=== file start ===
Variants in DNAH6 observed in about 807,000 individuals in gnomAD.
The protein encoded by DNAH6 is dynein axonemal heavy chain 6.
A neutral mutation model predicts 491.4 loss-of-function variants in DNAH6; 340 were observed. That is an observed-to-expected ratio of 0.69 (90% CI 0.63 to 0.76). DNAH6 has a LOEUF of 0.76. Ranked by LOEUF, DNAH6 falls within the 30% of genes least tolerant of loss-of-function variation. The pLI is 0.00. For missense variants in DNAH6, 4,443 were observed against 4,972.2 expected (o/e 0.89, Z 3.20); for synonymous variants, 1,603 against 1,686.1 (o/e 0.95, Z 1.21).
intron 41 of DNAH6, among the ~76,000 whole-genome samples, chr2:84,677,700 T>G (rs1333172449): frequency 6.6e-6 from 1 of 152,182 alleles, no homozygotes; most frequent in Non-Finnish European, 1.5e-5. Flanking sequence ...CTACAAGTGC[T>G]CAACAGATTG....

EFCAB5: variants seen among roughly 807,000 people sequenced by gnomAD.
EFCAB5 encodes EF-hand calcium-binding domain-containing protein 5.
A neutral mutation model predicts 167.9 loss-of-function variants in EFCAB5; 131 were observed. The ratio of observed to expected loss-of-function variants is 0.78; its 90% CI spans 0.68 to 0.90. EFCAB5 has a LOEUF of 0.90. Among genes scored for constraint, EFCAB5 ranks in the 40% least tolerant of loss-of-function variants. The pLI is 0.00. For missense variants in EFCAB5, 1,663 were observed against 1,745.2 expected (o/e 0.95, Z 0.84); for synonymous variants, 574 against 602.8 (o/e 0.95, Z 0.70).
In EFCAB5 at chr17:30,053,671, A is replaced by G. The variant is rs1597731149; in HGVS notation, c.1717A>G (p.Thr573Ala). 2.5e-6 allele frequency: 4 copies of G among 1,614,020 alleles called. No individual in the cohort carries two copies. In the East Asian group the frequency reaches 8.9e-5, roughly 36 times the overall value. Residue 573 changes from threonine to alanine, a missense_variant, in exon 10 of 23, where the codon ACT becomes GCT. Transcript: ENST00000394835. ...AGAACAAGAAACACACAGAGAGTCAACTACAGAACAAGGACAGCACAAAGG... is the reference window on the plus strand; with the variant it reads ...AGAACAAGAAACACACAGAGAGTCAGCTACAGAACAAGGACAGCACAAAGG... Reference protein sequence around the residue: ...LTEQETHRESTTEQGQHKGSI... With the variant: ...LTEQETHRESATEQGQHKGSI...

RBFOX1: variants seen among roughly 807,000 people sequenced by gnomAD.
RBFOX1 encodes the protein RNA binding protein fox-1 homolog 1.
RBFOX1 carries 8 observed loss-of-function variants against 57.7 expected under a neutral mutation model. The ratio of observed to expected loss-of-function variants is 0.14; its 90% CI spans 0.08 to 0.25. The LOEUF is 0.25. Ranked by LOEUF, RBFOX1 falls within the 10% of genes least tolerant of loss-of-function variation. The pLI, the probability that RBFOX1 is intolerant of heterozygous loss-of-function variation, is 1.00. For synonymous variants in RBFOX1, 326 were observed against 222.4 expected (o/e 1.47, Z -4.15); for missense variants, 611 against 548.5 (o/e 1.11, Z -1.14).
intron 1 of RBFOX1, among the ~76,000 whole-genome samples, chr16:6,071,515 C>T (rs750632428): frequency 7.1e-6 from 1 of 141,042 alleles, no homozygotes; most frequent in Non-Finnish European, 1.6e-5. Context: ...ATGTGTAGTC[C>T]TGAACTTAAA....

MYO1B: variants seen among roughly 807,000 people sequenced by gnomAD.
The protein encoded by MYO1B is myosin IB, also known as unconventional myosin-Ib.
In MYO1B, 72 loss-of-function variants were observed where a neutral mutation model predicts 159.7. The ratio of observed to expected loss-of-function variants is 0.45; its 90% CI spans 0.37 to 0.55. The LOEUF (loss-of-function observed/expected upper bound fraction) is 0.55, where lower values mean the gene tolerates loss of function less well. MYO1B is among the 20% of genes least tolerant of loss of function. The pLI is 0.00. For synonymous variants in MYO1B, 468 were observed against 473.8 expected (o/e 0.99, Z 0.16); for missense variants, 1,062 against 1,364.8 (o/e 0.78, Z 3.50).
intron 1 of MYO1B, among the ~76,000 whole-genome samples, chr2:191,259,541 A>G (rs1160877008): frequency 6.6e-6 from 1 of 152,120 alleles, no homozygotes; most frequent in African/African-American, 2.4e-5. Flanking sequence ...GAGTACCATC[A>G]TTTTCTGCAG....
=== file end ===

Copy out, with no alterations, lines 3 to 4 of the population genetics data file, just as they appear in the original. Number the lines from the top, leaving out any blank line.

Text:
A neutral mutation model predicts 491.4 loss-of-function variants in DNAH6; 340 were observed. That is an observed-to-expected ratio of 0.69 (90% CI 0.63 to 0.76). DNAH6 has a LOEUF of 0.76. Ranked by LOEUF, DNAH6 falls within the 30% of genes least tolerant of loss-of-function variation. The pLI is 0.00. For missense variants in DNAH6, 4,443 were observed against 4,972.2 expected (o/e 0.89, Z 3.20); for synonymous variants, 1,603 against 1,686.1 (o/e 0.95, Z 1.21).
intron 41 of DNAH6, among the ~76,000 whole-genome samples, chr2:84,677,700 T>G (rs1333172449): frequency 6.6e-6 from 1 of 152,182 alleles, no homozygotes; most frequent in Non-Finnish European, 1.5e-5. Flanking sequence ...CTACAAGTGC[T>G]CAACAGATTG....